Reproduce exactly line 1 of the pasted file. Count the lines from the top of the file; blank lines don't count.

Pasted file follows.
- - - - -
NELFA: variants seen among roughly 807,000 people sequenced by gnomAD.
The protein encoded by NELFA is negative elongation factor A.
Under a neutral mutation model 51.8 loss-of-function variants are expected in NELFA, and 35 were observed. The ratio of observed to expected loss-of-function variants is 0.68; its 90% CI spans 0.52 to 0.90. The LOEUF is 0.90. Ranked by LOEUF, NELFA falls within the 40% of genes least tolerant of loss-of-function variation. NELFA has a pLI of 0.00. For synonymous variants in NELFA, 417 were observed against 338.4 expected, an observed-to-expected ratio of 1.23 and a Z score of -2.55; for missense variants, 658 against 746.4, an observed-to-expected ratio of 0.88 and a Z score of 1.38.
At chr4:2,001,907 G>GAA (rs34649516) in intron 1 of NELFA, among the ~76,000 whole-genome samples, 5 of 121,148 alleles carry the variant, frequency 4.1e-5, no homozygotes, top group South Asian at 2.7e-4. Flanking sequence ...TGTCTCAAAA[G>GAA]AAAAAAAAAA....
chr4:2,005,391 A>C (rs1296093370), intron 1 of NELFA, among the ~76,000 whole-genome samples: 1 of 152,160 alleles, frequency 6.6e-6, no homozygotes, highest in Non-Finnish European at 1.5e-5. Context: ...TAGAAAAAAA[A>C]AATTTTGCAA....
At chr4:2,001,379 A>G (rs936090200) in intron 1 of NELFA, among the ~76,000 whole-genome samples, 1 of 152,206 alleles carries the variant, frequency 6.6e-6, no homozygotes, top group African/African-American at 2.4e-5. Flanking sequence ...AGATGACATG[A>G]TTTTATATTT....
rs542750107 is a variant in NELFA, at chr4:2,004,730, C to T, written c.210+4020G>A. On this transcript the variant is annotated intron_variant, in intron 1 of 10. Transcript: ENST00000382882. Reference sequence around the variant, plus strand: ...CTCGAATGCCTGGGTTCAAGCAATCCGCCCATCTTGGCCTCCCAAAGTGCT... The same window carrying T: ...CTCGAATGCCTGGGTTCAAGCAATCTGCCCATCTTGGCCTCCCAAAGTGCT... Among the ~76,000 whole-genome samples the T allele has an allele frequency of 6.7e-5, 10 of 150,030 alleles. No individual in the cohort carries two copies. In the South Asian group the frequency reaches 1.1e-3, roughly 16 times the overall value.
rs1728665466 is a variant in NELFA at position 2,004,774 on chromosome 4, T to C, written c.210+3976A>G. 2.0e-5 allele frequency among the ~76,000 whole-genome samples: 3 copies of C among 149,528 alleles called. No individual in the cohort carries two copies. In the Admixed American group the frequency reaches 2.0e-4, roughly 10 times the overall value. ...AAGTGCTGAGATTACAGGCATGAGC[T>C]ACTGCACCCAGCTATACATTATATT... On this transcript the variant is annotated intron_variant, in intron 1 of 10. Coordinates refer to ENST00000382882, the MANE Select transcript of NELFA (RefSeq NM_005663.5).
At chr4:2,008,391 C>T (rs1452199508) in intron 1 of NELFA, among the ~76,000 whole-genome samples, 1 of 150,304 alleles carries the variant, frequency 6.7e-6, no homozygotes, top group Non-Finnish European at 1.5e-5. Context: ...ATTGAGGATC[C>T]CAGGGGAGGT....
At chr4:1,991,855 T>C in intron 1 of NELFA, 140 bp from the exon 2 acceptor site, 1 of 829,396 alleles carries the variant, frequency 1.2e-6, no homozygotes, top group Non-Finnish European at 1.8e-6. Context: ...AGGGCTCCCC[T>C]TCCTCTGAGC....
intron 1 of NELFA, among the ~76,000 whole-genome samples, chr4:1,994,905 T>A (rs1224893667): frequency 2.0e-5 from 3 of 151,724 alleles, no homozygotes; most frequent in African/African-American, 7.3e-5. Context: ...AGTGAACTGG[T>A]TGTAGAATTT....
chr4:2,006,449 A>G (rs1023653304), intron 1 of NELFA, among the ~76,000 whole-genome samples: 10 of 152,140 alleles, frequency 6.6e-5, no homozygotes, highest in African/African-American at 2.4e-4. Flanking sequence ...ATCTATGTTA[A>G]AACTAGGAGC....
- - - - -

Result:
NELFA: variants seen among roughly 807,000 people sequenced by gnomAD.